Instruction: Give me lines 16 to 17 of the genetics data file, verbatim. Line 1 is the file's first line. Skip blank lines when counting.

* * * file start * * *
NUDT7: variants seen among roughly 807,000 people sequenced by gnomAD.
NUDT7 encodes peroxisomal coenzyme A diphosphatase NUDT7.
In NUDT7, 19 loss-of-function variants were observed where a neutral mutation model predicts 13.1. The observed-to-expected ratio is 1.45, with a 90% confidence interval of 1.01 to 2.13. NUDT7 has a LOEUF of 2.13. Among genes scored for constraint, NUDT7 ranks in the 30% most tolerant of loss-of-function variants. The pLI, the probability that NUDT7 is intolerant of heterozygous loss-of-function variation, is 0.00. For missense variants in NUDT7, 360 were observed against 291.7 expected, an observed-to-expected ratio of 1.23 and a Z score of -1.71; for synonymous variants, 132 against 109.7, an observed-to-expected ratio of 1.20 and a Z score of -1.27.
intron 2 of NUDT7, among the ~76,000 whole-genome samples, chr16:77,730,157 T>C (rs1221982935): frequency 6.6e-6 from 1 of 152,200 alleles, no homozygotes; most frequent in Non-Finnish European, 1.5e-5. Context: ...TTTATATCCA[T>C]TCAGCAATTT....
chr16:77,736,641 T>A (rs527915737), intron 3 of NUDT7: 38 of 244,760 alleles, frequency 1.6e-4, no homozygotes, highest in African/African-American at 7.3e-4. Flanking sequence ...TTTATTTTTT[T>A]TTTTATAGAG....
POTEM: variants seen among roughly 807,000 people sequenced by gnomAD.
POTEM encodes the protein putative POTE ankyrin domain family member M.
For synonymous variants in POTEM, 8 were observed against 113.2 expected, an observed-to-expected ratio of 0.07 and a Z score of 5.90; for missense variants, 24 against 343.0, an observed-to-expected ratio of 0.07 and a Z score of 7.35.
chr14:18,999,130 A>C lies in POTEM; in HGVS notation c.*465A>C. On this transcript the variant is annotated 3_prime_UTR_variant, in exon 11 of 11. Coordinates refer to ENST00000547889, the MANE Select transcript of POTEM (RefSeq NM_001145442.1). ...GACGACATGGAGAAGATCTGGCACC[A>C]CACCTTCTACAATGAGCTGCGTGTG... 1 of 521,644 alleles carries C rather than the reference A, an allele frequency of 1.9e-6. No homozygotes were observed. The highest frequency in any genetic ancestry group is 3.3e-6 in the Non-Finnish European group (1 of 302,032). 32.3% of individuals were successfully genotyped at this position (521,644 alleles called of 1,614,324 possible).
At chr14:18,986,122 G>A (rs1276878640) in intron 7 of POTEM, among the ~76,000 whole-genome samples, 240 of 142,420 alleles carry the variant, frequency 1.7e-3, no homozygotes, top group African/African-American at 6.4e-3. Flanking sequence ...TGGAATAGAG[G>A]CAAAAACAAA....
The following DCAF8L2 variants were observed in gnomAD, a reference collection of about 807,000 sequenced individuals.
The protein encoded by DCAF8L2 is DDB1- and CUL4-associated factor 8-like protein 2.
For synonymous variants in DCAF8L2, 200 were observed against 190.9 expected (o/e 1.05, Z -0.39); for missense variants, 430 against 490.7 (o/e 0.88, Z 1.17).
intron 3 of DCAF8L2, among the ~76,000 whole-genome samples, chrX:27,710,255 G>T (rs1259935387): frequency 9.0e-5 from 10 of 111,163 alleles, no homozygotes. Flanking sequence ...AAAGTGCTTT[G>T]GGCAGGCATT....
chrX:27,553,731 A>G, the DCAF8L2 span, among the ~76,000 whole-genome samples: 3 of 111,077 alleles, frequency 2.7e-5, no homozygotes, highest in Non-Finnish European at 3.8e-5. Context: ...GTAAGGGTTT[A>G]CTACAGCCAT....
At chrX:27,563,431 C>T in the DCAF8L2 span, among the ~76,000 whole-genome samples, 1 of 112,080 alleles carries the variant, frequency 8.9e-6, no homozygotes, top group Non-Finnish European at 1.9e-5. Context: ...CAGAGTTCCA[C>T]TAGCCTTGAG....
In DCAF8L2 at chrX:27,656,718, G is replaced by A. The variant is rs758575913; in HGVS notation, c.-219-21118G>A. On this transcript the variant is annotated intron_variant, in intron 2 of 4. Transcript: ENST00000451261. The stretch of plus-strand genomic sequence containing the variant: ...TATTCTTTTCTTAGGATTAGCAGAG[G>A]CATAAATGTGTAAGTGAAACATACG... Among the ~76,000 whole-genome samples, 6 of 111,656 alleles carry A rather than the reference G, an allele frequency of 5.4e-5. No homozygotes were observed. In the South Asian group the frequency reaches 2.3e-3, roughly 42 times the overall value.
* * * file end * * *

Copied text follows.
At chrX:27,563,431 C>T in the DCAF8L2 span, among the ~76,000 whole-genome samples, 1 of 112,080 alleles carries the variant, frequency 8.9e-6, no homozygotes, top group Non-Finnish European at 1.9e-5. Context: ...CAGAGTTCCA[C>T]TAGCCTTGAG....
In DCAF8L2 at chrX:27,656,718, G is replaced by A. The variant is rs758575913; in HGVS notation, c.-219-21118G>A. On this transcript the variant is annotated intron_variant, in intron 2 of 4. Transcript: ENST00000451261. The stretch of plus-strand genomic sequence containing the variant: ...TATTCTTTTCTTAGGATTAGCAGAG[G>A]CATAAATGTGTAAGTGAAACATACG... Among the ~76,000 whole-genome samples, 6 of 111,656 alleles carry A rather than the reference G, an allele frequency of 5.4e-5. No homozygotes were observed. In the South Asian group the frequency reaches 2.3e-3, roughly 42 times the overall value.